PARLIAMENT of CANADA
House of Commons Procedure and Practice
Edited by Robert Marleau and Camille Montpetit
2000 EditionMore information …
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All authorities agree that the right of petitioning parliament for redress of grievances is acknowledged as a fundamental principle of the constitution. It has been uninterruptedly exercised from very early times and has had a profound effect in determining the main forms of parliamentary procedure.

Speaker Gaspard Fauteux
(Debates, June 18, 1947, pp. 4278-9)

S

imply defined, a petition is a formal request to an authority for redress of a grievance. Public petitions, addressed to the House of Commons and presented to the House by its Members, constitute one of the most direct means of communication between the people and Parliament. Certainly, it is among the most ancient; the act of petitioning has been described as “the oldest of Parliamentary forms, the fertile seed of all proceedings of the House of Commons”. [1] 

Petitions today may be described as a vehicle for political input, a way of attempting to influence policy-making and legislation and also, judging by their continued popularity, a valued means of bringing public concerns to the attention of Parliament. Petitions also have their place among the tools which Members and Ministers can use to formulate public policy and to carry out their representative duties. In the early 1980s, after many years during which the presentation of petitions appeared to have fallen out of favour, a resurgence of interest occurred which continues without abatement. [2]  This is illustrated by Figure 22.1, which indicates the number of petitions presented during each session from the Seventh Session of the Twelfth Parliament (1917) to the Second Session of the Thirty-Fifth Parliament (1997).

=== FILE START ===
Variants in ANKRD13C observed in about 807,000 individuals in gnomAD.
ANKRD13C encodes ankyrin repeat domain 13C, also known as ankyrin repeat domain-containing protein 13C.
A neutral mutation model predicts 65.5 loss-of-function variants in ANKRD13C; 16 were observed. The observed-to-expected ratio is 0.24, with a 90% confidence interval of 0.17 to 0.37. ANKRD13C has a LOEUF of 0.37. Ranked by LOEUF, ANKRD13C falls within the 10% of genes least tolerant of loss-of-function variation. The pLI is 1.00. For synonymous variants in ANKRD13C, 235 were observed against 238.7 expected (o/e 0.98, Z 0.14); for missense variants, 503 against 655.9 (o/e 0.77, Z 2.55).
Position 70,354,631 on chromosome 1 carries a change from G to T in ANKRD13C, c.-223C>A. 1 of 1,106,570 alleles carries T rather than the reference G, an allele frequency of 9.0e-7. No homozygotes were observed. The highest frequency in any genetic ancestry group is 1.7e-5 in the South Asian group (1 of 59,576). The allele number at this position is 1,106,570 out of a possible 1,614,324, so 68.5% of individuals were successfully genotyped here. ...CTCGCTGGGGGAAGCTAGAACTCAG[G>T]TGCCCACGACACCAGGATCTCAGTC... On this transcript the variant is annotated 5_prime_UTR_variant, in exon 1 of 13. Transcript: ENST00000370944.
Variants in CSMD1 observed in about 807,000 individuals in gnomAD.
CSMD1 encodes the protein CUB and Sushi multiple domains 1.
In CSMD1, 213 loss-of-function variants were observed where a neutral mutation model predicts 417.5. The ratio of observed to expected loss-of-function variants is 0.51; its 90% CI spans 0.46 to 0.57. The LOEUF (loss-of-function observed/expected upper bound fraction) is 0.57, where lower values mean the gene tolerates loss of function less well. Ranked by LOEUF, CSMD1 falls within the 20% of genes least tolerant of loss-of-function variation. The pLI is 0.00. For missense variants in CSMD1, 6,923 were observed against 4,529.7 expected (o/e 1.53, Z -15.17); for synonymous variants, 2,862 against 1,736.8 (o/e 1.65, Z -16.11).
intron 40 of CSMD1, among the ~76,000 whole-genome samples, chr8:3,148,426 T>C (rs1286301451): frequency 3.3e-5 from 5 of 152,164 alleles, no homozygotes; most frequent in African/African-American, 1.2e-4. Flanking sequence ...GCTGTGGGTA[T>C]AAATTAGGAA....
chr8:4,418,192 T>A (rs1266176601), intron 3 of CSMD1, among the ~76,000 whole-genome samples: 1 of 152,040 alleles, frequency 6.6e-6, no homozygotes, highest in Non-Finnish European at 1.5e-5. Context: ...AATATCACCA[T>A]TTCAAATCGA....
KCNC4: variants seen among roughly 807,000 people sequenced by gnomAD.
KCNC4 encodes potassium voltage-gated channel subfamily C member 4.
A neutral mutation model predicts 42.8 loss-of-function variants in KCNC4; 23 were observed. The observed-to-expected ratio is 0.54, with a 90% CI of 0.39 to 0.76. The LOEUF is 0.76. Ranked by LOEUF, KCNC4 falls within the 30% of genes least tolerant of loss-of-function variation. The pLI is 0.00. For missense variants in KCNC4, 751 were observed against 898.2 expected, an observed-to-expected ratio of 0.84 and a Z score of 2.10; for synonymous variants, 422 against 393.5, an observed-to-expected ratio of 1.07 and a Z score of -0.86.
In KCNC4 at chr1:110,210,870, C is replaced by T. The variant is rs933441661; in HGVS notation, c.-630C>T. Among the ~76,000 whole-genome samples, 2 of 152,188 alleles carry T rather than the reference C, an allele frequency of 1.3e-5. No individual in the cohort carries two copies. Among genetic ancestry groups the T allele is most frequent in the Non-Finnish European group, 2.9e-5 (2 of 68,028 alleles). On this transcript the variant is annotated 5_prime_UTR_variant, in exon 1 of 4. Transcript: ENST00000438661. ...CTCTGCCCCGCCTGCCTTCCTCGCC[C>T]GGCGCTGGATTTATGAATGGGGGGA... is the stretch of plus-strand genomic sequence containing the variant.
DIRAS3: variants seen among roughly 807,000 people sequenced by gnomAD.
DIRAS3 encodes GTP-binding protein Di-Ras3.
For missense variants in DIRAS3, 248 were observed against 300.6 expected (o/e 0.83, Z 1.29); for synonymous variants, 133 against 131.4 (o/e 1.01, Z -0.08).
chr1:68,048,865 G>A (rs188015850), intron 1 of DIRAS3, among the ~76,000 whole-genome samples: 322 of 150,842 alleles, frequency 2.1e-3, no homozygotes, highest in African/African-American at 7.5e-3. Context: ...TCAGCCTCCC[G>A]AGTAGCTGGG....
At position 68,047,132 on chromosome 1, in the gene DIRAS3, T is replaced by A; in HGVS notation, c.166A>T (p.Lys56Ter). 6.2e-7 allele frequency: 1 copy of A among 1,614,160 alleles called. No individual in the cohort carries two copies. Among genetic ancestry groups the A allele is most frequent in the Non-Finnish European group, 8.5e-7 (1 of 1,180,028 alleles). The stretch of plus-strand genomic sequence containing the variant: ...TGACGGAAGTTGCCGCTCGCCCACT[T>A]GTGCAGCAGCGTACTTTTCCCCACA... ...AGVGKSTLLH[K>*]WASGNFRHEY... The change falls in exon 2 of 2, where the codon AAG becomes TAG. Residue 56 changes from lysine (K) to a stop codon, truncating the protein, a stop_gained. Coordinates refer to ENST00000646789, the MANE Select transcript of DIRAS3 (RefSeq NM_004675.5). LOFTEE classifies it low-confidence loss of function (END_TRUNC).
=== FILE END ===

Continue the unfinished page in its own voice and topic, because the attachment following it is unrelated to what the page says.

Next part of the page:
Figure 22.1 – Petitions Presented to the House of Commons Since 1917
Parl. Sess. (year) Petitions Parl. Sess. (year) Petitions Parl. Sess. (year) Petitions
12.7 (1917) 2 788 18.1 (1936) 1 26.3 (1965) 3
13.1 (1918) 2 18.2 (1937) 3 28.2 (1969-70) 2
13.2 (1919) 364 18.3 (1938) 8 28.3 (1970-72) 2
13.3 (1919) 1 18.4 (1939) 10 28.4 (1972) 4
13.4 (1920) 6 18.5 (1939) 10 29.1 (1973-74) 4
13.5 (1921) 11 19.1 (1940) 2 29.2 (1974) 1
14.2 (1923) 3 19.2 (1940-42) 1 30.1 (1974-76) 21
14.3 (1924) 4 19.3 (1942-43) 1 30.2 (1976-77) 12
14.4 (1925) 5 19.5 (1944-45) 22 30.3 (1977-78) 7
15.1 (1926) 6 20.2 (1946) 2 30.4 (1978-79) 2
16.1 (1926-27) 32 20.3 (1947) 8 31.1 (1979) 3
16.2 (1928) 6 20.4 (1947-48) 1 32.2 (1983-84) 185
16.3 (1929) 584 20.5 (1949) 3 33.1 (1984-86) 3 899
16.4 (1930) 178 21.7 (1952-53) 3 33.2 (1986-88) 5 575
17.2 (1931) 5 22.2 (1955) 1 34.1 (1988-89) 16
17.3 (1932) 3 22.5 (1957) 1 34.2 (1989-91) 8 928
17.4 (1932-33) 9 25.1 (1962-63) 1 34.3 (1991-93) 5 282
17.5 (1934) 12 26.1 (1963) 1 35.1 (1994-96) 4 271
17.6 (1935) 3 26.2 (1964-65) 2 35.2 (1996-97) 2 361

This chapter will concern itself with public petitions, the current rules regarding their form, content and presentation, government responses to petitions, and the role and responsibilities of the Clerk of Petitions. Petitions for private bills are dealt with in Chapter 23, “Private Bills Practice”.


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